December 6, 2007

Today's Front Pages Analysis

Massacre at the mall brings holiday horror to Midwest

A holiday ritual — shopping for gifts — was shattered in the heartland Wednesday as a young gunman opened fire in a busy mall. “Deathly chill grips Omaha at its heart,” the Omaha (Neb.) World-Herald said.

The newspaper paired a story summarizing the events with a profile of the young man who killed himself after shooting eight people. The newspaper’s lead headline was a quote that illustrated the city’s disbelief: “‘It happened to us.’”

Just an hour earlier, President Bush was in Omaha for a fundraiser and tour of a health clinic. The newspaper provided extensive Web coverage of the visit, but the mall shooting filled the printed page.

With news of the shooting breaking in the afternoon, this morning’s front pages sought to offer details. The gunman “had been fired from his job at McDonald’s,” the World-Herald said. “Shooter with troubled past called ‘a good kid,’” the Lincoln (Neb.) Journal Star reported. "Rifle used, 19-year-old left suicide note," the Lexington (Ky.) Herald-Leader said. “Mall killer sought notoriety,” The Indianapolis Star said.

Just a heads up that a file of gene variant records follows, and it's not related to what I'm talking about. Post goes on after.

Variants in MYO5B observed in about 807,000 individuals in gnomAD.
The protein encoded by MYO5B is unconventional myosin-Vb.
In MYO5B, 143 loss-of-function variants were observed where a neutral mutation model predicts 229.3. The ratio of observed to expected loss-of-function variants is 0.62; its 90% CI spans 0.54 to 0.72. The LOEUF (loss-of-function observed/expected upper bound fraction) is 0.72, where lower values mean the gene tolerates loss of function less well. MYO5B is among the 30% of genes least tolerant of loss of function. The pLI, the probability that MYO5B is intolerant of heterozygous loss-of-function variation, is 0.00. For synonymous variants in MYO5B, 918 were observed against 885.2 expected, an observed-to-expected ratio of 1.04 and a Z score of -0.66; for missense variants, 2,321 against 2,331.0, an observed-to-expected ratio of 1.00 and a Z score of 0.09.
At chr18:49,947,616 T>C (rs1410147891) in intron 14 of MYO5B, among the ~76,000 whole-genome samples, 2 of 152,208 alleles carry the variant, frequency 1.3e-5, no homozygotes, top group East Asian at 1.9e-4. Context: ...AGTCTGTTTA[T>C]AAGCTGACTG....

Photos helped tell the story. “Rifleman on Rampage Shoots Down Shoppers," The Kansas City (Mo.) Star said in a reverse headline. It displayed a photo of shoppers — arms raised in the air — leaving an upscale department store. A photo of a department store employee being comforted by her daughter appeared in The Wichita (Kan.) Eagle. Those and other photos of shocked shoppers appeared on many U.S. front pages. The Daily News of New York chose a photo of the wounded and said: "Massacre at the Mall."

In nearby states, the St. Louis Post-Dispatch broke out key events. The Denver Post printed a World-Herald story and referred to its own Web coverage of the gunman’s past. The Gazette in Cedar Rapids, Iowa, used maps to locate the mall and shooting scene.

Today’s other big story: A deal to freeze interest rates for homeowners troubled by adjustable mortgages will be announced today. The Virginian-Pilot of Norfolk used a percentage sign, a for-sale sign and dollar signs to illustrate the story. Kate Kennedy is front-pages editor at the Newseum.

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